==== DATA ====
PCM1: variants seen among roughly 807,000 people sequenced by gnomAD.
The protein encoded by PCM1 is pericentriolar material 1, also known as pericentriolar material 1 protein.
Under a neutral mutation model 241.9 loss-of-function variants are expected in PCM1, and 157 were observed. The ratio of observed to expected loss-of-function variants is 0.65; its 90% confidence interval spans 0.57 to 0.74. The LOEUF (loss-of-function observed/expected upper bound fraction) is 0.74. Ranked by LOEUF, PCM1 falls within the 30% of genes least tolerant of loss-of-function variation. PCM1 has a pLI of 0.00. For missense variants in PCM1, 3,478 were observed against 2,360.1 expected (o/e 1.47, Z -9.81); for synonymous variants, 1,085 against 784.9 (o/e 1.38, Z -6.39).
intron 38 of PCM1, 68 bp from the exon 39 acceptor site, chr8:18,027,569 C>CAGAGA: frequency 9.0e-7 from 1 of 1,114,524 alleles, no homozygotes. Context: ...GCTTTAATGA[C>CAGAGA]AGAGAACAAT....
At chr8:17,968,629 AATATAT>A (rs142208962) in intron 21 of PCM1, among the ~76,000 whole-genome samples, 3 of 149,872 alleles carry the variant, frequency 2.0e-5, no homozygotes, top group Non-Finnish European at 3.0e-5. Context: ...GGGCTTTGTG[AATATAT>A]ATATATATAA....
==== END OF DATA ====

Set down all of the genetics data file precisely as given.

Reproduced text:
PCM1: variants seen among roughly 807,000 people sequenced by gnomAD.
The protein encoded by PCM1 is pericentriolar material 1, also known as pericentriolar material 1 protein.
Under a neutral mutation model 241.9 loss-of-function variants are expected in PCM1, and 157 were observed. The ratio of observed to expected loss-of-function variants is 0.65; its 90% confidence interval spans 0.57 to 0.74. The LOEUF (loss-of-function observed/expected upper bound fraction) is 0.74. Ranked by LOEUF, PCM1 falls within the 30% of genes least tolerant of loss-of-function variation. PCM1 has a pLI of 0.00. For missense variants in PCM1, 3,478 were observed against 2,360.1 expected (o/e 1.47, Z -9.81); for synonymous variants, 1,085 against 784.9 (o/e 1.38, Z -6.39).
intron 38 of PCM1, 68 bp from the exon 39 acceptor site, chr8:18,027,569 C>CAGAGA: frequency 9.0e-7 from 1 of 1,114,524 alleles, no homozygotes. Context: ...GCTTTAATGA[C>CAGAGA]AGAGAACAAT....
At chr8:17,968,629 AATATAT>A (rs142208962) in intron 21 of PCM1, among the ~76,000 whole-genome samples, 3 of 149,872 alleles carry the variant, frequency 2.0e-5, no homozygotes, top group Non-Finnish European at 3.0e-5. Context: ...GGGCTTTGTG[AATATAT>A]ATATATATAA....